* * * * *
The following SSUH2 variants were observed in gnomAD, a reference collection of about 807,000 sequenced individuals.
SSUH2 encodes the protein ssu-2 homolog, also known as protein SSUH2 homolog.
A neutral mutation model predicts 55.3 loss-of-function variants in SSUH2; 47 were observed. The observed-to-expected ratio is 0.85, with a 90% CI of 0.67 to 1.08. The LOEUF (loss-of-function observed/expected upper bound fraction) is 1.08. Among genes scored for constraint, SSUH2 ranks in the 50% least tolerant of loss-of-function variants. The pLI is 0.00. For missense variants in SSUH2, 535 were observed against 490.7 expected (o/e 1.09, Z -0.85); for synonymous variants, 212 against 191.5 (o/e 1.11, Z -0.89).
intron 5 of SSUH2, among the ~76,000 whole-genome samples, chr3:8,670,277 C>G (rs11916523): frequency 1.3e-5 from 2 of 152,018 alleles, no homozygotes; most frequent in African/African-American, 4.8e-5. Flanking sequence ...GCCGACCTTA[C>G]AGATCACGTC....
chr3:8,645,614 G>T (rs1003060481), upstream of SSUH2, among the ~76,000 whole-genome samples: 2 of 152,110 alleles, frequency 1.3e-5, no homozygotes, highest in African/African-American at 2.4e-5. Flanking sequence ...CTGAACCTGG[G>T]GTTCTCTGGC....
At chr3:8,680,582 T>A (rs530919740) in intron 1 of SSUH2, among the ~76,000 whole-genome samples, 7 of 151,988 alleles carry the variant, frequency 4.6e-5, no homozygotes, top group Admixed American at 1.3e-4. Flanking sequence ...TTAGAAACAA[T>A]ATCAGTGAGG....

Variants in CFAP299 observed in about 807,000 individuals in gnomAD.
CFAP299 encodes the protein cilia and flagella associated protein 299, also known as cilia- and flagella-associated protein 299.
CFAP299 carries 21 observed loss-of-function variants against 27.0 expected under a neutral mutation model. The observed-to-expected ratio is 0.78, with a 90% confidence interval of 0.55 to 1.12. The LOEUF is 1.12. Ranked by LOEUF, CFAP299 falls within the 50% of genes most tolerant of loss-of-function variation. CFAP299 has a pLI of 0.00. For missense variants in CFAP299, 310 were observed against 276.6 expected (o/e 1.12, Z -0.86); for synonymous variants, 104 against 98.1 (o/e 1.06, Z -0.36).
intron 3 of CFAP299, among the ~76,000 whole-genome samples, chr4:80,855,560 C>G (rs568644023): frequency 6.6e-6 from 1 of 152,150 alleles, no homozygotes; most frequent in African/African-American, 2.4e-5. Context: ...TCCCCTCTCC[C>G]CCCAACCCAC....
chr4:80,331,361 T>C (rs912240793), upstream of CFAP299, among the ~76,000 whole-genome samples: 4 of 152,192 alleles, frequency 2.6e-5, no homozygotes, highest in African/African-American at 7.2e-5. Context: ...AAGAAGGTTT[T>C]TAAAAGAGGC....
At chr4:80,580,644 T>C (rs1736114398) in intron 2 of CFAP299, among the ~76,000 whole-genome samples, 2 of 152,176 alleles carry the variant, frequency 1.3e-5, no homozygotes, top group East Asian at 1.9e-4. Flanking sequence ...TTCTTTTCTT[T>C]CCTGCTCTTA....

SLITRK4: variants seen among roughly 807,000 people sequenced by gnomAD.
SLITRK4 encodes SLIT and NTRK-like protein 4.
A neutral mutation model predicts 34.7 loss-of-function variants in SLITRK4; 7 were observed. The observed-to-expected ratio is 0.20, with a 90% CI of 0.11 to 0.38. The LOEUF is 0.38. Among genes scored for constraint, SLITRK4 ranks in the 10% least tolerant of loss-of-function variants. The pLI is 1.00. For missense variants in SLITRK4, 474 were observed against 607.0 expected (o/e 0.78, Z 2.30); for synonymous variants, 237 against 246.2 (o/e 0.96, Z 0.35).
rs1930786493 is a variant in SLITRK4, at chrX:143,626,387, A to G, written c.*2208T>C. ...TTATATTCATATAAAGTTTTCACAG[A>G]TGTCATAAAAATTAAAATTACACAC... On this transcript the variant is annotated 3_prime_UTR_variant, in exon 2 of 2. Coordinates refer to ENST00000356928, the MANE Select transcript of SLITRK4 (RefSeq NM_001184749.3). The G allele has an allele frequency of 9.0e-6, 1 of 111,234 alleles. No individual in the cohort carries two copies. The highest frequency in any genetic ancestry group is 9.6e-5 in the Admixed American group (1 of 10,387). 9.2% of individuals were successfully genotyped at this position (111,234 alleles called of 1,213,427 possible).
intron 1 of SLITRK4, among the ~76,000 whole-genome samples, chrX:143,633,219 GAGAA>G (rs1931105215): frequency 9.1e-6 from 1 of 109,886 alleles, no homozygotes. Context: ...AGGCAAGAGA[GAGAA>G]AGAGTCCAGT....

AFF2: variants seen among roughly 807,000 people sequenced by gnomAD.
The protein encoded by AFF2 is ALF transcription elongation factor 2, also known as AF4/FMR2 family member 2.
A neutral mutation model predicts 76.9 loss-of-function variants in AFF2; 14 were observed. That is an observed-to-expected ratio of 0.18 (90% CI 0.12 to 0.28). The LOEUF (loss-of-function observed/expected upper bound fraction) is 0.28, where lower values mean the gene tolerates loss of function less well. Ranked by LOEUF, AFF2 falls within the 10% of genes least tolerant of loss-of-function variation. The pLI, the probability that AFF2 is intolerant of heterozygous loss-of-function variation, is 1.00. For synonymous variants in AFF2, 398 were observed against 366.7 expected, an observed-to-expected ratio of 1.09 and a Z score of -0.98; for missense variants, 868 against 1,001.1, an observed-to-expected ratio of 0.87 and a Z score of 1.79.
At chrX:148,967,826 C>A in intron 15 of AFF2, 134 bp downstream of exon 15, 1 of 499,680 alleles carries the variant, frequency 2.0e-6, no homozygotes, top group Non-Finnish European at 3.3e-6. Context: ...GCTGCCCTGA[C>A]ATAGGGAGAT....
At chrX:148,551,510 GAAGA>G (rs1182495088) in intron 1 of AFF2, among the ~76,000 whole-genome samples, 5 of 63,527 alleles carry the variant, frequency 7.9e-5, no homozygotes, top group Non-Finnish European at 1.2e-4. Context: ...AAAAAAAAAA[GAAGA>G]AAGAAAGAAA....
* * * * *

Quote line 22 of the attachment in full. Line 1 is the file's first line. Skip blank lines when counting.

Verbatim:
At chrX:148,551,510 GAAGA>G (rs1182495088) in intron 1 of AFF2, among the ~76,000 whole-genome samples, 5 of 63,527 alleles carry the variant, frequency 7.9e-5, no homozygotes, top group Non-Finnish European at 1.2e-4. Context: ...AAAAAAAAAA[GAAGA>G]AAGAAAGAAA....